This month, The AD Club asked several esteemed members and valued thought leaders in the industry this question: What are your predictions for Super Bowl XLIX? Here’s what they had to say…

James Riess, Head of Mobile Strategy, InMobi (@InMobi)

Super Bowl spending will always showcase the glitzy, big ad campaigns intended to set trends for the year to come.  What is new this year, or at least increasingly evident, is brands magnifying the value of their ads by building momentum ahead of the game largely via mobile.

Not only are consumers spending more minutes each day with their phones, but they are also dual-screen parallel processing.  And research on classic mobile behavior shows us that sustained game play and downloads are typically witnessed between 6.00-8.00 PM – right in the center of prime time TV.

With mobile offering ever more accurate audiences together with options of either dedicated campaigns or programmatic buying, marketers are finding the results they need and the flexibility they have always wanted.

Jordan Cohen, CMO, Fluent, Inc. (@jcohen808)

Like previous years, the 2015 Super Bowl is sure to bring a collection of innovative, controversial, and budget-blowing ads to the 111.5 million+ Americans projected to be tuning in. All tricks and stunts aside, I predict that more advertising brands will include participatory calls-to-action in their 2015 commercials to gain an incremental and highly measurable return on their $4.5 million 30-second spot investments. Across Fluent’s advertising network, we now see over 60% of American consumers accessing the Internet from their phones and tablets instead of desktop or laptop computers. This translates to more viewers simultaneously watching the game while engaging with the ads they’re watching live. As a result, social engagement will be active throughout the game, enabling advertisers to involve consumers beyond their 30 seconds of air time.

Kodi Foster, Head of Brand Initiatives, Outbrain Inc. (@KodiFoster)

“In terms of the creative, it’ll be business as usual at the Super Bowl: Big, powerful, emotive statements get people talking. Celebrities get people talking. What will be interesting to see is if brands’ increased investment in the Super Bowl (4.5M is a lot of money) will incentivize them to go beyond just the 30 TV second spot and find ways of continuing the conversation they introduced via their Super Bowl ad with digital audiences across other platforms and devices.”

John Osborn, President & CEO, BBDO New York (@Ozzypallooza)

My predictions:

  • Everyone will say they were disappointed in the ads.
  • Someone/some brand will tweet and capture the imagination of viewers at virtually no cost.
  • Media will spend a week recapping the ads, the various surveys and polls.
  • Media will then spend the following week covering the same Super Bowl related news from the previous week.
  • The Patriots will win.

Auro Trini Castelli, Head of Strategy, gyro New York (@aurotcastelli)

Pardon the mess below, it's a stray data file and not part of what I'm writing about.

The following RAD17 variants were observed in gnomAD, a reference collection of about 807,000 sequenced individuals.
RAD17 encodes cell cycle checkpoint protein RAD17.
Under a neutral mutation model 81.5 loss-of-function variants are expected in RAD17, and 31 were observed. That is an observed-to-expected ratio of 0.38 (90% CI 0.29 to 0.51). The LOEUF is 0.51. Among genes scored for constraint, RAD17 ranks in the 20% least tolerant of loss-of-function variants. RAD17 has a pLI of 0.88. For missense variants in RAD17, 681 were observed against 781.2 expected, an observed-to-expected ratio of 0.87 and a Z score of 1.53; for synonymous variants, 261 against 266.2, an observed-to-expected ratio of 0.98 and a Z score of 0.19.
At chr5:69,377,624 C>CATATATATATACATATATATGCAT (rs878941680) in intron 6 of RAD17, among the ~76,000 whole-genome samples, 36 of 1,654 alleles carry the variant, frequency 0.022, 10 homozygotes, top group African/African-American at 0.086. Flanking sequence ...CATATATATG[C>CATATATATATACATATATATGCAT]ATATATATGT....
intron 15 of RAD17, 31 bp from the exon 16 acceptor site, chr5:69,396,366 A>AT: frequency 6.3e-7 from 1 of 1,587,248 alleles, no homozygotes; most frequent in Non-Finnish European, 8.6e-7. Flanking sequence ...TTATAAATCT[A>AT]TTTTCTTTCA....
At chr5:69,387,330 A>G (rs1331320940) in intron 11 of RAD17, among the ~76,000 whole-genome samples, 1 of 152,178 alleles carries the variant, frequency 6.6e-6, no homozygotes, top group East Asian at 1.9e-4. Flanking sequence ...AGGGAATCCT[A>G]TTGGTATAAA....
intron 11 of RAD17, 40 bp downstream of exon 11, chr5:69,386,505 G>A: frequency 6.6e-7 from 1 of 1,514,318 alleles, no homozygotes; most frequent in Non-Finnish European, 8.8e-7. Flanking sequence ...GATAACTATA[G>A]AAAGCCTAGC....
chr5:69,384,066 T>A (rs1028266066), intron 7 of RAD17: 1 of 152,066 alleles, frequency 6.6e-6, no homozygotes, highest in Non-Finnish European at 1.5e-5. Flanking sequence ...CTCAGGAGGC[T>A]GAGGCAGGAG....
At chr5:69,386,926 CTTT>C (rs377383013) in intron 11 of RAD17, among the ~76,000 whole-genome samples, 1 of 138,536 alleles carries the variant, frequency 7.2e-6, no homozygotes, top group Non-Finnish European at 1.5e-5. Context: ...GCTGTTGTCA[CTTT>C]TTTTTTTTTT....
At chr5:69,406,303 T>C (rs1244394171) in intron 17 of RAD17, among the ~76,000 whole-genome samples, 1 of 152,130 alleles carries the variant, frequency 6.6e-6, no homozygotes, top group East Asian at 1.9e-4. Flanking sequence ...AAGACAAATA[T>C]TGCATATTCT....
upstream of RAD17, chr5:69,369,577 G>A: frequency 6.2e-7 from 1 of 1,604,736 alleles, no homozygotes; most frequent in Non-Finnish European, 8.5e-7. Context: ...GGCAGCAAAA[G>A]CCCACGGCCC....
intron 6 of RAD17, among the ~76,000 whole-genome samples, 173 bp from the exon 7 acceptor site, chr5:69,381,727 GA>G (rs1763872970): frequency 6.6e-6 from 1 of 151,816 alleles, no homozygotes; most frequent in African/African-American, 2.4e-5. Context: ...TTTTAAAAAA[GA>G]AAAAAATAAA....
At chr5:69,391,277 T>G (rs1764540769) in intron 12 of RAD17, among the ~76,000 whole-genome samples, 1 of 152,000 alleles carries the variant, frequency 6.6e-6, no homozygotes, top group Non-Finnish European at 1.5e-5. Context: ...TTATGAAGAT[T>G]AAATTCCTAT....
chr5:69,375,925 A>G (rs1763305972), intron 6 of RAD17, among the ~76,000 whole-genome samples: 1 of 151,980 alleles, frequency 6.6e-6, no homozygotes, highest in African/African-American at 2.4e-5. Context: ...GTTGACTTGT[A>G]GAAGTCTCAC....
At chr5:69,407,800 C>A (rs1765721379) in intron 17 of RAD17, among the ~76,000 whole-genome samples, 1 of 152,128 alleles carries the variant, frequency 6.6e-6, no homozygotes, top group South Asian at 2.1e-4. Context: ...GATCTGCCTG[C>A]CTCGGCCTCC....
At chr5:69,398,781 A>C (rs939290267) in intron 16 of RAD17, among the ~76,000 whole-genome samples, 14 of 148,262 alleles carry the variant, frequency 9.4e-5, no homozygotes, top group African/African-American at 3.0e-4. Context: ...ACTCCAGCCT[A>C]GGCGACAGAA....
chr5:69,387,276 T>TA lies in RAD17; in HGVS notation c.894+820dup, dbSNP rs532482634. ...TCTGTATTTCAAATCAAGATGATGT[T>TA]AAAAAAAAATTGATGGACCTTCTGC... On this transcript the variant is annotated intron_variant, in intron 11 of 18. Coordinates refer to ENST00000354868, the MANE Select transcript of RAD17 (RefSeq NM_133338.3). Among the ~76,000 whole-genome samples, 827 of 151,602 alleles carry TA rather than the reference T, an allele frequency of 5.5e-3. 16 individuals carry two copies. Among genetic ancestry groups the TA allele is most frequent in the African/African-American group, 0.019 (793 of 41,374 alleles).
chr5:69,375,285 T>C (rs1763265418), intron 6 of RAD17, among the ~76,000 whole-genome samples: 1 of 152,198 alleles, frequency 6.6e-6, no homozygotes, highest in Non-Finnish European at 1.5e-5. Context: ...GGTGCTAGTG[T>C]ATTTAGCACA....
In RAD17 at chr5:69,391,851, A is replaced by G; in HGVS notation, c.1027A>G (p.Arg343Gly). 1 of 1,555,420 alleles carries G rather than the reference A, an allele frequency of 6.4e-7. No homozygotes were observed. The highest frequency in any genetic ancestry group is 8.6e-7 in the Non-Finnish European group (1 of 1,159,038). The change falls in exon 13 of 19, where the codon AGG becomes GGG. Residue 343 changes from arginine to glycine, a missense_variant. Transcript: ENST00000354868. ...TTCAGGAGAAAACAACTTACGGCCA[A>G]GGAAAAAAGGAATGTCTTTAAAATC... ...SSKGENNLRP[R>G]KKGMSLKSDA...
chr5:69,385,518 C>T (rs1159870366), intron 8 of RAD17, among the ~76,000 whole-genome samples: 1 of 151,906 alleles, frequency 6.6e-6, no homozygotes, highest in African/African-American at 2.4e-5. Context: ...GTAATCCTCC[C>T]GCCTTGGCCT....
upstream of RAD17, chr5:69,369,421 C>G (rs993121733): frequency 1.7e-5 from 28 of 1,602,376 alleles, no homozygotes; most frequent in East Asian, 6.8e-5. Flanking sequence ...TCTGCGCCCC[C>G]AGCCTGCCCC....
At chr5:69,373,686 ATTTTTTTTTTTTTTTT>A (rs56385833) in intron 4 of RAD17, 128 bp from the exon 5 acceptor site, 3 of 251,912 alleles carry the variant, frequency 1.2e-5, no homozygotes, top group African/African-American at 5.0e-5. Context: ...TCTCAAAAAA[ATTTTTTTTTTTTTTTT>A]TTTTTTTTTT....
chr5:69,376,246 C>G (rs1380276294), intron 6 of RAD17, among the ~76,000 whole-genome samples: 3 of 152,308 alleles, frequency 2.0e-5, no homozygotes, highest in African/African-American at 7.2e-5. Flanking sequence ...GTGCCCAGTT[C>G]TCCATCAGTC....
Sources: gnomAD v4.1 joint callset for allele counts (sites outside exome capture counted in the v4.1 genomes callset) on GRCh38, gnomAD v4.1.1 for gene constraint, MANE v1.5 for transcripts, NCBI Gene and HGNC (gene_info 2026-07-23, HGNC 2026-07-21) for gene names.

Because of its popularity, the Super Bowl offers a concentration of the best and the worst of advertising all in just one night. Some advertisers equate being popular with the idea of being liked by each and every individual, so they choose to play safe – and play with puppies, celebrities or celebrity horses.

The more sophisticated realize that there’s a big difference between populism and pop-culture. These brands demonstrate that the best way to be part of today’s culture is to create a new and different culture.

Take beers, for example, as a metaphor for the ads. (What else, during the Super Bowl?) Some are light, tasteless and heavily commercial; some are full-bodied, rich in taste and have a unique culture and set of values behind them.

Much like their tastes, some brands will continue to have fun with light and tasteless advertising, while others will explore a more meaningful connection. I don’t expect tasteless advertising to die anytime soon, but I remain hopeful for at least a few refreshing moments of zesty creativity.

Russel Sapienza, Principal, Entertainment & Media Advisor Practice, PwC (@RussSapienza)

If I were to award two ‘ Best Of….’ trophies this year, one would go to the brand that puts themselves, for the first time, on my ‘consumer map’. I want to see a spot from an unknown brand that makes me say, “Wow, never heard of these guys until today…..gonna give them a shot.”

My other ‘Best Of’…” would go to the brand that is most successful in doing two things: (A) successfully continues generating engaging conversation of the brand for weeks among family and friends, [since this is most likely to yield a purchase conversion, right?], and (B) doesn’t insult my intelligence (not that there’s anything wrong with that).

While previous Super Bowl spots may have inspired me to sip on a soft drink while driving my new car to the cruise ship terminal for a vacation that I found on a terrific web travel site, I really hope to be inspired by the newbies in 2015.

The trophies await!

Sandra Micek, SVP, Marketing, USA TODAY (@scmicek)

For over 25 years, USA TODAY’s Ad Meter has tracked consumers’ favorite commercials in the big game. As a marketer and avid Ad Meter fan, I’ve followed the tactics that resonate, driving brands up in the rankings. Come game day we can expect the usual beers, snacks & soda to catch our attention. We’ll see the tried & true themes such as dogs, celebrities and athletes. While many autos will sit-out, newcomer brands could provide some surprises. Ads will speak to “dads” and “millennials” with both funny and heart-tugging Americana stories. Viewers should like this year’s spots as many were chosen by and/or feature the American public. Personally I look forward to the insights we’ll gather from the social media buzz throughout the 2015 Ad Meter voting.